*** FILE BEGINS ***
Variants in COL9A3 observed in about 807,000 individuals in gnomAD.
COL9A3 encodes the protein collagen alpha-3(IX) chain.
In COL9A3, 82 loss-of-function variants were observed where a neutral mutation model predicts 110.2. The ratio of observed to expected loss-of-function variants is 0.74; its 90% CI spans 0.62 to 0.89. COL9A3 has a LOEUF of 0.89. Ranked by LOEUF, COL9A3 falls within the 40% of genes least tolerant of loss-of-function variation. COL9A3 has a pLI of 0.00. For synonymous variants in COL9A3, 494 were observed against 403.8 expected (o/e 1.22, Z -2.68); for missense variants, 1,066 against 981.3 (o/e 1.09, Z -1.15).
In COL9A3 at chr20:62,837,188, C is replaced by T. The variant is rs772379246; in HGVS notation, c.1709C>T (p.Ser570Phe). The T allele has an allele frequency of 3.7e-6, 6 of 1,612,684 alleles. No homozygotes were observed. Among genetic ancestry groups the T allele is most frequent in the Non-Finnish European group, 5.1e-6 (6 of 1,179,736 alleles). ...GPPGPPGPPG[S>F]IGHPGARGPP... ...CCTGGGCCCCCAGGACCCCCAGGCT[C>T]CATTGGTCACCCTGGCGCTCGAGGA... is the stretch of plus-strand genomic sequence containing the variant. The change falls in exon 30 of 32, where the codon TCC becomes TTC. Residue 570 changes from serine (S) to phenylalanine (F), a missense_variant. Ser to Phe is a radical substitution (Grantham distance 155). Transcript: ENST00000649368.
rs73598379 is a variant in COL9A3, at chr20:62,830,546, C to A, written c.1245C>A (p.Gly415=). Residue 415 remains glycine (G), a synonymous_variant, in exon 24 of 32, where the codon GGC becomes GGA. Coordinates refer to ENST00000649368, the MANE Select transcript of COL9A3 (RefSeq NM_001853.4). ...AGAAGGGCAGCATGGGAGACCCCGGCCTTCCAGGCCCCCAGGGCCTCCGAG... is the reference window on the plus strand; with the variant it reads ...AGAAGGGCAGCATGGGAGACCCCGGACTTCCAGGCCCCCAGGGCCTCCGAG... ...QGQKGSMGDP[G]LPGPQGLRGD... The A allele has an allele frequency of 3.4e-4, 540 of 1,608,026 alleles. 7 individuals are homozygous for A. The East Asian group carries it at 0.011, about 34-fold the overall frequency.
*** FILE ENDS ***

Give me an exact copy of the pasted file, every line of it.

Variants in COL9A3 observed in about 807,000 individuals in gnomAD.
COL9A3 encodes the protein collagen alpha-3(IX) chain.
In COL9A3, 82 loss-of-function variants were observed where a neutral mutation model predicts 110.2. The ratio of observed to expected loss-of-function variants is 0.74; its 90% CI spans 0.62 to 0.89. COL9A3 has a LOEUF of 0.89. Ranked by LOEUF, COL9A3 falls within the 40% of genes least tolerant of loss-of-function variation. COL9A3 has a pLI of 0.00. For synonymous variants in COL9A3, 494 were observed against 403.8 expected (o/e 1.22, Z -2.68); for missense variants, 1,066 against 981.3 (o/e 1.09, Z -1.15).
In COL9A3 at chr20:62,837,188, C is replaced by T. The variant is rs772379246; in HGVS notation, c.1709C>T (p.Ser570Phe). The T allele has an allele frequency of 3.7e-6, 6 of 1,612,684 alleles. No homozygotes were observed. Among genetic ancestry groups the T allele is most frequent in the Non-Finnish European group, 5.1e-6 (6 of 1,179,736 alleles). ...GPPGPPGPPG[S>F]IGHPGARGPP... ...CCTGGGCCCCCAGGACCCCCAGGCT[C>T]CATTGGTCACCCTGGCGCTCGAGGA... is the stretch of plus-strand genomic sequence containing the variant. The change falls in exon 30 of 32, where the codon TCC becomes TTC. Residue 570 changes from serine (S) to phenylalanine (F), a missense_variant. Ser to Phe is a radical substitution (Grantham distance 155). Transcript: ENST00000649368.
rs73598379 is a variant in COL9A3, at chr20:62,830,546, C to A, written c.1245C>A (p.Gly415=). Residue 415 remains glycine (G), a synonymous_variant, in exon 24 of 32, where the codon GGC becomes GGA. Coordinates refer to ENST00000649368, the MANE Select transcript of COL9A3 (RefSeq NM_001853.4). ...AGAAGGGCAGCATGGGAGACCCCGGCCTTCCAGGCCCCCAGGGCCTCCGAG... is the reference window on the plus strand; with the variant it reads ...AGAAGGGCAGCATGGGAGACCCCGGACTTCCAGGCCCCCAGGGCCTCCGAG... ...QGQKGSMGDP[G]LPGPQGLRGD... The A allele has an allele frequency of 3.4e-4, 540 of 1,608,026 alleles. 7 individuals are homozygous for A. The East Asian group carries it at 0.011, about 34-fold the overall frequency.